There is no doubt the real estate market is booming. No longer tethered to a workplace, many are choosing to leave the cities and head to the burbs. This has put an incredibly high demand on the pre-existing low-inventory of homes nationwide in our surban and suburban areas.
Per the supply and demand principle, prices of homes have escalated tremendously. It’s made for a very competitive market for buyers where multiple offers are the norm. Many issues surface in such a robust and “inflamed” market and ones that I like to keep all my buyers and sellers cognizant of. Here are a few to keep in your buying/selling headspace.
1. Low inventory/Multiple offers–
A seller’s market is likely to continue for the foreseeable future especially in the suburbs and in states featuring coastline or mountains. Areas that boast outdoor amenities are now on many- a-buyer “hot list.” I heard on a recent podcast that the “flyover states” have now become the “fly- to states.” What this all means is that when a house hits, you as a buyer need to be ready to pounce. Multiple offers are the new normal and learning how to create competitive offers via escalator addendums and waiving some contingencies are areas buyers must be educated in.
2 . The market will NOT pay top dollar for overpriced or dated homes.
Despite the seller’s market one can not throw a listing up there like spaghetti to a wall, with little market prep and/or a high price tag. It simply won’t sell. Buyers are NOT jumping on these homes no matter how “desperate” they are for inventory. If it’s priced too high or the condition is perceived as poor (ie dated and or cluttered) it simply will not sell. There are simply too many properties that HAVE been updated and that have been prepped impeccably, staged well etc for buyers to choose from. The real estate market is like a beauty pageant where pretty really does sell and it sells well.
3. Transactions will become more accelerated.
Loans and closings took much longer during the beginning of the pandemic. Addendums were developed for unforeseen delays yet somehow along the way everyone found out how to make the process faster and more efficient. What that means for a buyer is that the ability to go out and look at 15 plus homes has waned. There are simply too many buyers out there surfing online for weeks prior who are ready to see a home and then make an offer. This is now a market where willing and able buyers are out making offers daily.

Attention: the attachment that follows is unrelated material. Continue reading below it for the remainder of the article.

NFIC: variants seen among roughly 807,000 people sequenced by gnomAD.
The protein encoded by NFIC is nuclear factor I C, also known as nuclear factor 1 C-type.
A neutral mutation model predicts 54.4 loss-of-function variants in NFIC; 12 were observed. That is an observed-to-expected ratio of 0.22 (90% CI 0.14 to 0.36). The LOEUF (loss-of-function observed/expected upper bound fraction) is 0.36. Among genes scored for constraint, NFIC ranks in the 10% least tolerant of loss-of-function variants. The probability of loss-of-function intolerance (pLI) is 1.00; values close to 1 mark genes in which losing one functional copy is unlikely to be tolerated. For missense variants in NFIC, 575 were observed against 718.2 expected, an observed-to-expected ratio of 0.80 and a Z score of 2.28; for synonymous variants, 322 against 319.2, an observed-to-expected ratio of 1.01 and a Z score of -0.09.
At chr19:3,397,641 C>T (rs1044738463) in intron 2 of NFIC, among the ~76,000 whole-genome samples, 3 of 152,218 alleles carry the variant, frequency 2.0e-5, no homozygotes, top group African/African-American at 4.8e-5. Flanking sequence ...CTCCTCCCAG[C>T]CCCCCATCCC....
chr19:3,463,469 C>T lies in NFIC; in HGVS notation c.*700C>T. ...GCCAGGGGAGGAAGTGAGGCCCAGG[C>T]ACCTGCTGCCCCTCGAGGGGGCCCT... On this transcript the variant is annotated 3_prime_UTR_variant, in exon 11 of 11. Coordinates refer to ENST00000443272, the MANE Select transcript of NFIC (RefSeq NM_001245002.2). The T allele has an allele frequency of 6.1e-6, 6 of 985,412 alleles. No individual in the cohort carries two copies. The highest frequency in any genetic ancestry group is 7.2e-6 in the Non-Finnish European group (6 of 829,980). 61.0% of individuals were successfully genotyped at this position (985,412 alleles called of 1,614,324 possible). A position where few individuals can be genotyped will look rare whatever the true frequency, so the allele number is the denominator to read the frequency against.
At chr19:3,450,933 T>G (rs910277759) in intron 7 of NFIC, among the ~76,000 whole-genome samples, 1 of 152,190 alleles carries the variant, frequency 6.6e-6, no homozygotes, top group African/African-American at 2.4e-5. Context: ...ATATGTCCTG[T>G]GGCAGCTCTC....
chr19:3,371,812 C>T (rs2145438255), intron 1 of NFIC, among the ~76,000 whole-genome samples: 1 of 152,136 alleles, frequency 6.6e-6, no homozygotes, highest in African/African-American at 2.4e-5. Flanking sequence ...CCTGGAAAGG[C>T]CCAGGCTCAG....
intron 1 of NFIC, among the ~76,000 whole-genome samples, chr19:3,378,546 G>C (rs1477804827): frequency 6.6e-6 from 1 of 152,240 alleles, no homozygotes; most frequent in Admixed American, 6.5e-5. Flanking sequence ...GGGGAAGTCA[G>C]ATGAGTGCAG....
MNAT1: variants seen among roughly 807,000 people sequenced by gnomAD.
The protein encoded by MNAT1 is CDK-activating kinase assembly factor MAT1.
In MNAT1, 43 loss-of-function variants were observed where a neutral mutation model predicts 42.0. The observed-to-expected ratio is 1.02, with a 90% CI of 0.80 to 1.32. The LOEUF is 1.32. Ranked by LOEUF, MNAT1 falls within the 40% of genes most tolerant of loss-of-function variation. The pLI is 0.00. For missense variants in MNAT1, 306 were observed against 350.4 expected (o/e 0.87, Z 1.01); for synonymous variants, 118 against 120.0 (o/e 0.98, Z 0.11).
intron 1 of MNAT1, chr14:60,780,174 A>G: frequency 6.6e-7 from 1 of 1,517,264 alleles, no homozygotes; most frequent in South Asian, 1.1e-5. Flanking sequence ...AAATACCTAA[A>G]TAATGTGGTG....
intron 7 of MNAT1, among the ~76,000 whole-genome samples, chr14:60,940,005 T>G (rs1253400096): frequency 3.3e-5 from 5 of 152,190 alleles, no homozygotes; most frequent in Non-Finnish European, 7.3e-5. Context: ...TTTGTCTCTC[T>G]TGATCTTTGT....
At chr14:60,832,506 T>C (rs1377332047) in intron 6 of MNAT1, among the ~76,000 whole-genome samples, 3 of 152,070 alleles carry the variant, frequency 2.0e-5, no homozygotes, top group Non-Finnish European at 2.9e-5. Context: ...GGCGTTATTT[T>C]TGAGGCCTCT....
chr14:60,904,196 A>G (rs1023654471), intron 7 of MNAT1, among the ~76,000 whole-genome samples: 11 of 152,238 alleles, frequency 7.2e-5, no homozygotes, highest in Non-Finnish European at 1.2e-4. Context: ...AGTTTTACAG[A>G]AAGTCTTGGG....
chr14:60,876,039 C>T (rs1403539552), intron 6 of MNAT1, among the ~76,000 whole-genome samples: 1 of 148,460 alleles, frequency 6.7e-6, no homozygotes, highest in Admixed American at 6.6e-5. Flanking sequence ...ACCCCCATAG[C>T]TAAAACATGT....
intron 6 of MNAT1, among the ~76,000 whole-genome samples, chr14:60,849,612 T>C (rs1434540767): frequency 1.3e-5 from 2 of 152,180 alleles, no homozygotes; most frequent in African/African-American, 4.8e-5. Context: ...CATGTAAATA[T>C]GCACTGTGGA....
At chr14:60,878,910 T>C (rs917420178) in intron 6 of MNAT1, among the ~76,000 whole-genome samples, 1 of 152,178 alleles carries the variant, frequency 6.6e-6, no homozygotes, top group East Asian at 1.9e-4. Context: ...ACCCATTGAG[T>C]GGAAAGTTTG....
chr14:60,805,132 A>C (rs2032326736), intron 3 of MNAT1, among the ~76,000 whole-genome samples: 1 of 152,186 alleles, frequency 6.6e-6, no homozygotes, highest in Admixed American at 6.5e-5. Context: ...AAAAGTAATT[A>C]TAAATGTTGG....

4. Leaseback options
The more flexible a buyer is, the stronger an offer appears. So many times it’s not the offer price that wins the multiple offer contest but it’s the one with the fewest contingencies and the most flexibility with closing dates and occupancy. Buyers who can offer sellers the ability to stay in their homes after closing for a specified period of time may have an advantage over a buyer who needs to move in right after closing.
5. Appraised values may become increasingly challenged.
Median sale prices are up 8- 41% in towns across Rhode Island versus where they were a year ago. With that comes the risk that an appraisal comes in below the contract sales price, especially where properties are going well over asking prices. As an agent, I always give my sellers and buyers a big ‘Appraisal 101″ where I inform them that an appraisal is simply one person’s opinion of value and it may not be the market value and/or the price that the buyer and seller agreed to. If an appraisal contingency is waived by the buyer to add great strength to the offer, then the buyer will be forced to put down more money to make up for the difference. Tactics can be taken on behalf of the buyer to provide an element of compromise, where the buyer will agree to come up with x amount of the asking price, or something to that effect but “what if” plans need to be discussed early on in the offer process. Some buyers may not be able to come up with the out of pocket money needed to pay the difference and that needs to be discussed with their realtor before an offer is made. Likewise, sellers need to be advised on what the repercussions are when an appraisal comes in under the sales contract price.
Bottom line is that the market is hot and buyers and sellers need to be well informed, educated and prepared for anything and everything that MAY come their way. As a former teacher, I pride myself on my value proposition which rests heavily on knowledge and guidance every step of the way.